Due to my experience and interest in education and (geo)politics, I aim to pursue a career in educational governance and policies. I returned to school for my doctorate, and started working with academics and top political advisors. Through my interaction with these highly accomplished experts, I was forced to move to another level. It was immensely challenging keeping up with them. These people are at the top of their respective fields–every word they say is nuanced yet implicitly packed with meaning. If you are not fully prepared or nod off for just a second, you might as well just pack up and go home. Being borderline clairvoyant, they think three steps ahead and know exactly what’s going on in your head the moment a word is uttered. In a world like this, I felt like an imposter.
我不像多數同儕那樣大學畢業於常春藤名校，也不是來自資源豐富的富裕家庭或官二代。 惟幾年後，跟這些專業人士互動變得更加容易，因為我也繼續學習並從他們的知識與經驗中獲益。回到家後，我會花時間梳理我的會議與討論記錄 (comb over my notes)，檢索我不理解的資訊，並與我理解的內容相連繫。然後我會試著使用它，直到我將新知識內化並成為反射動作。這包含了內容知識（content knowledge）以及和可以自動性應用該知識所需的特定語言 (domain specific language)。
I did not graduate from an Ivy League like many of my peers, nor did I come from a family of means. Yet, after a couple of years, interactions have become manageable as I continue to gain from these experts. I would go home after each meeting and comb over my notes, looking up information I did not understand and connecting it to what I did know. I would then use newly acquired information until it was fully internalized. This includes both content knowledge and the domain-specific language needed to communicate that knowledge.
I am now publishing more academic papers (working on another one now), corresponding with top political advisors, and working on a start-up and social justice projects. I am, I think, improving day by day. But, most importantly, I am content. Long gone is the “I could have done more” feeling plaguing me during periods of complacency.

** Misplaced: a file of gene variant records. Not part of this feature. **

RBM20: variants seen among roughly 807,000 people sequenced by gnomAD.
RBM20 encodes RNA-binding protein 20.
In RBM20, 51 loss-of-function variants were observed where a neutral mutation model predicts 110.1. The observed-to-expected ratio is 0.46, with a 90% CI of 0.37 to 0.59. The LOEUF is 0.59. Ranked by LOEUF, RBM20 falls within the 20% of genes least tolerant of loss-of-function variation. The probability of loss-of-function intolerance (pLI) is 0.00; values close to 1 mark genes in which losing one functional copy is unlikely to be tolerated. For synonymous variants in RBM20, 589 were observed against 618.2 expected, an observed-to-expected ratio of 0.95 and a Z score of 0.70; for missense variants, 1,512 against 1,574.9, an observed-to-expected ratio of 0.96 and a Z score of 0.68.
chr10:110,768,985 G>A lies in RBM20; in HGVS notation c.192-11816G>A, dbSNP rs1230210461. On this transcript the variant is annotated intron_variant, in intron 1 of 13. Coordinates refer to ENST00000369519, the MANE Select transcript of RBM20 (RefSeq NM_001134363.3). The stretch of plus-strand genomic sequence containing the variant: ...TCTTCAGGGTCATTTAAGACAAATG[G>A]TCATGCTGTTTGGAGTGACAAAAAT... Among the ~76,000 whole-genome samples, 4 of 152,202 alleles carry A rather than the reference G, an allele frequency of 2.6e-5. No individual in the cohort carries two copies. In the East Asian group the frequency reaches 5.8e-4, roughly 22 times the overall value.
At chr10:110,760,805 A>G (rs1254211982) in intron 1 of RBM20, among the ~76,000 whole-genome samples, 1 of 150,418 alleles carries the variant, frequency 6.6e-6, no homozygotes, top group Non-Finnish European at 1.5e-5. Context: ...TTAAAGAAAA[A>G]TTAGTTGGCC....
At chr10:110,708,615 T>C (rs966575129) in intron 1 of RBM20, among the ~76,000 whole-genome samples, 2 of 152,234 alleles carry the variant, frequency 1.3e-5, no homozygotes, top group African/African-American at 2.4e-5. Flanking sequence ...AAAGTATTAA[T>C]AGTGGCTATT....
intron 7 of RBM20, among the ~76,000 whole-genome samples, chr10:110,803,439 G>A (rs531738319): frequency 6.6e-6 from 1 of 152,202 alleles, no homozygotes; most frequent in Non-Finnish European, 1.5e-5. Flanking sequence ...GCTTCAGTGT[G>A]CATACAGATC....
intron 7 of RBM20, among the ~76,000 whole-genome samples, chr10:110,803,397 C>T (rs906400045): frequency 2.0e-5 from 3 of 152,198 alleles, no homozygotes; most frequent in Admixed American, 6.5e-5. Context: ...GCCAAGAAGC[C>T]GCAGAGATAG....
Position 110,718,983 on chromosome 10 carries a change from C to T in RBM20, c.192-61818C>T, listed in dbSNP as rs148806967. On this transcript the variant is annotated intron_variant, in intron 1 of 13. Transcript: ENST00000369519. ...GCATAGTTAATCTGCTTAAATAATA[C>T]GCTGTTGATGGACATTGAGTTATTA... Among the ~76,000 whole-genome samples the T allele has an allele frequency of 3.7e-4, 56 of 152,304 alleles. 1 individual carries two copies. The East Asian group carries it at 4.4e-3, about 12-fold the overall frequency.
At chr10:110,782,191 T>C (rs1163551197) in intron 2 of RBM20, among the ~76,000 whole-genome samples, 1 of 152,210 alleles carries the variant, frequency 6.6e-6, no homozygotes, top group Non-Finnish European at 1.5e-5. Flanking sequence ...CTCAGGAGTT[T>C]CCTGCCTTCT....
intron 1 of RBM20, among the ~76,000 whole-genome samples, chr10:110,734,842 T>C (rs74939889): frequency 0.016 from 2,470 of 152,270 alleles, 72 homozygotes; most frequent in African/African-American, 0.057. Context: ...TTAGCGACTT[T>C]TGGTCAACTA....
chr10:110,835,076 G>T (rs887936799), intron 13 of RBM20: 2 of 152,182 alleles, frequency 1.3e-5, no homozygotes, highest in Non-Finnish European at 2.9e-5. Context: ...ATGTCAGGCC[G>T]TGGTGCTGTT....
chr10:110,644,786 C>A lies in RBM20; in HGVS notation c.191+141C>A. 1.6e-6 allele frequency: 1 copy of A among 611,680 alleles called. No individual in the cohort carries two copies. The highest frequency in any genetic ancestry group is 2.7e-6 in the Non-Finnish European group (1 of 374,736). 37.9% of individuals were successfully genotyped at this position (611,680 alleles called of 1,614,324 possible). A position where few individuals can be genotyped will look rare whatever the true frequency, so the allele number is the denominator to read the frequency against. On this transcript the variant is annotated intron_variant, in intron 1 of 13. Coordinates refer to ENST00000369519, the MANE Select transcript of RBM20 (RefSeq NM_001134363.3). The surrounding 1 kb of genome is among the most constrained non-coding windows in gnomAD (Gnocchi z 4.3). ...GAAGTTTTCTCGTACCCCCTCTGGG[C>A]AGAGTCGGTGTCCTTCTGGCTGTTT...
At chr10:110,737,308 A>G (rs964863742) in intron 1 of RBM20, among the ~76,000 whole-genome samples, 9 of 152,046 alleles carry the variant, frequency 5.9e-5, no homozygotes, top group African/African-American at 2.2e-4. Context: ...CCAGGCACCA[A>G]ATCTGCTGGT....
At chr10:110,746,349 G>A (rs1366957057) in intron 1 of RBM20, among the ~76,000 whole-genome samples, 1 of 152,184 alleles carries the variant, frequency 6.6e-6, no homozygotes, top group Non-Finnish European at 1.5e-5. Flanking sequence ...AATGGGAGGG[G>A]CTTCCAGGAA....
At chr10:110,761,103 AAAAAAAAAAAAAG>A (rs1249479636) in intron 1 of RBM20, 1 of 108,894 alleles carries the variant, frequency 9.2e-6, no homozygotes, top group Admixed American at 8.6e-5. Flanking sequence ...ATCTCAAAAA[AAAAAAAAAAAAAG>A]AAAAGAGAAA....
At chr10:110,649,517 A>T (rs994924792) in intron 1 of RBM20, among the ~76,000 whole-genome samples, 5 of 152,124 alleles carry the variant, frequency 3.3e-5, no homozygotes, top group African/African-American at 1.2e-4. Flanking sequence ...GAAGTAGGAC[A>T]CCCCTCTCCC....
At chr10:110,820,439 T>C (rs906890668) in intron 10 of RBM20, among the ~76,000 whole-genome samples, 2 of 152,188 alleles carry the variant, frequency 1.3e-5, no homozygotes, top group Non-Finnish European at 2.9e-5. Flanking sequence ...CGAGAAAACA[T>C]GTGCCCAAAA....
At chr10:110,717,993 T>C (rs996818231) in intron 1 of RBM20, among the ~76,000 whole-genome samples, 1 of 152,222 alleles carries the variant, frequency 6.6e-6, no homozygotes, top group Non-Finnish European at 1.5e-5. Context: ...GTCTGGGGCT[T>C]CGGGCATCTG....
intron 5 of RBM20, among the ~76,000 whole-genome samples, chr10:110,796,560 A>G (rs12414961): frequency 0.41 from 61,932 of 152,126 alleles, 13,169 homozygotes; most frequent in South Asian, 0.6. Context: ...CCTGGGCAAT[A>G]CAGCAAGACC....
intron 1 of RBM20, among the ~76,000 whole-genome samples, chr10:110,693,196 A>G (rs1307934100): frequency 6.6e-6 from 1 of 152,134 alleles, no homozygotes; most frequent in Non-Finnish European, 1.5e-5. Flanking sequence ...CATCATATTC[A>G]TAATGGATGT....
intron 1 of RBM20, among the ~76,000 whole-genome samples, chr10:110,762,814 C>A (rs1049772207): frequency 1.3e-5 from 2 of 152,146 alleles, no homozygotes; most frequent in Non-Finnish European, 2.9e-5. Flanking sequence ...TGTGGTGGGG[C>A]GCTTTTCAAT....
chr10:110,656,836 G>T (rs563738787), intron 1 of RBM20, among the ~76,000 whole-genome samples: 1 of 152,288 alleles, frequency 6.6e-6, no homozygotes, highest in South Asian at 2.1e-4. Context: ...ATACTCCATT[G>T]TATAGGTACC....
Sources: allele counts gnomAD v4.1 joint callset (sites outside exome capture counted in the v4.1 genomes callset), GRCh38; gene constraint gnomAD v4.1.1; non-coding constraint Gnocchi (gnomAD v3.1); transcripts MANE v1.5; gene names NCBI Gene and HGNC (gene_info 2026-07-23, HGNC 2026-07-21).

然而，如果我沒有改變我的環境，沒有想出新的方法來解決人生帶來的新問題，沒有換工作，沒有回到學校，沒有結交新的朋友，這一切都不可能發生。改變一個人的環境、改變一切從來都不是件容易的事。離開自己的家——父母搭建的舒適圈 (comfort zone)——或已從事多年的工作，很是艱難。回到學校，或者在你三四十歲、四五十歲時結交新朋友，也是如此。
None of this would have been possible, however, if I had not changed my environment, if I had not challenged myself, if I had not found a new job, if I had not gone back to school, or if I had not met new people. It is never easy to change one’s environment, to change anything or everything. Leaving one’s home, the comfort zone our parents provided, or the job we’ve held for years is tough. And so is going back to school or even making new friends in our 30s, 40s, or 50s.
There are also financial risks involved, and we could end up in a far worse position. In the end, it’s a gamble we must take if we desire change. If we remain in our comfort zone, well, change will be nearly impossible, though that’s not necessarily a bad thing. It’s certainly not for everyone.
I am also aware of how very privileged and fortunate I am, seeing how change has brought more opportunities than challenges. Change may not be for everyone, but for me, changing my environment, achieving small objectives, and connecting with new people have made all the difference.
Rather than bemoaning the platitude, “it’s easier to reincarnate than achieve success through one’s own efforts,” give change a chance. It might just change your life for the better.
Motivation to Learn 學習的動力: http://bit.ly/2RjscPb
How to Set & Achieve Goals 如何制定短期目標: http://bit.ly/2Rdi0aU
10 Must-Knows for a Growth Mindset 成長心態的十大必知: https://bit.ly/3uBVrkE
Should learning always be fun 學習應該充滿樂趣嗎？https://bit.ly/3Bm4t7W